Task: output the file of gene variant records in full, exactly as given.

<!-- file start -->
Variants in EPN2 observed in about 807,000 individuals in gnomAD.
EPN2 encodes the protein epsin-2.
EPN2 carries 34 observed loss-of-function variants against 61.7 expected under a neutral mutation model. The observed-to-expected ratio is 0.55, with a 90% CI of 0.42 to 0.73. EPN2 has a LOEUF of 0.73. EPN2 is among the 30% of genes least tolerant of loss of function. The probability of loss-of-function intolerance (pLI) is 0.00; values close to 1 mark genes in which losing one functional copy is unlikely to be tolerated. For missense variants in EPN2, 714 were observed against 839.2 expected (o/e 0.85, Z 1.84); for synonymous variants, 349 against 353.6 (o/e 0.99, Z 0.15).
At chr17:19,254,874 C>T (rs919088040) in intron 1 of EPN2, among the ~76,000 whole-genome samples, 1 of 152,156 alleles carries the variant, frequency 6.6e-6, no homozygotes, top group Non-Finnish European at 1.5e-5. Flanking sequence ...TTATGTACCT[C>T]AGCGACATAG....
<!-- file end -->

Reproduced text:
Variants in EPN2 observed in about 807,000 individuals in gnomAD.
EPN2 encodes the protein epsin-2.
EPN2 carries 34 observed loss-of-function variants against 61.7 expected under a neutral mutation model. The observed-to-expected ratio is 0.55, with a 90% CI of 0.42 to 0.73. EPN2 has a LOEUF of 0.73. EPN2 is among the 30% of genes least tolerant of loss of function. The probability of loss-of-function intolerance (pLI) is 0.00; values close to 1 mark genes in which losing one functional copy is unlikely to be tolerated. For missense variants in EPN2, 714 were observed against 839.2 expected (o/e 0.85, Z 1.84); for synonymous variants, 349 against 353.6 (o/e 0.99, Z 0.15).
At chr17:19,254,874 C>T (rs919088040) in intron 1 of EPN2, among the ~76,000 whole-genome samples, 1 of 152,156 alleles carries the variant, frequency 6.6e-6, no homozygotes, top group Non-Finnish European at 1.5e-5. Flanking sequence ...TTATGTACCT[C>T]AGCGACATAG....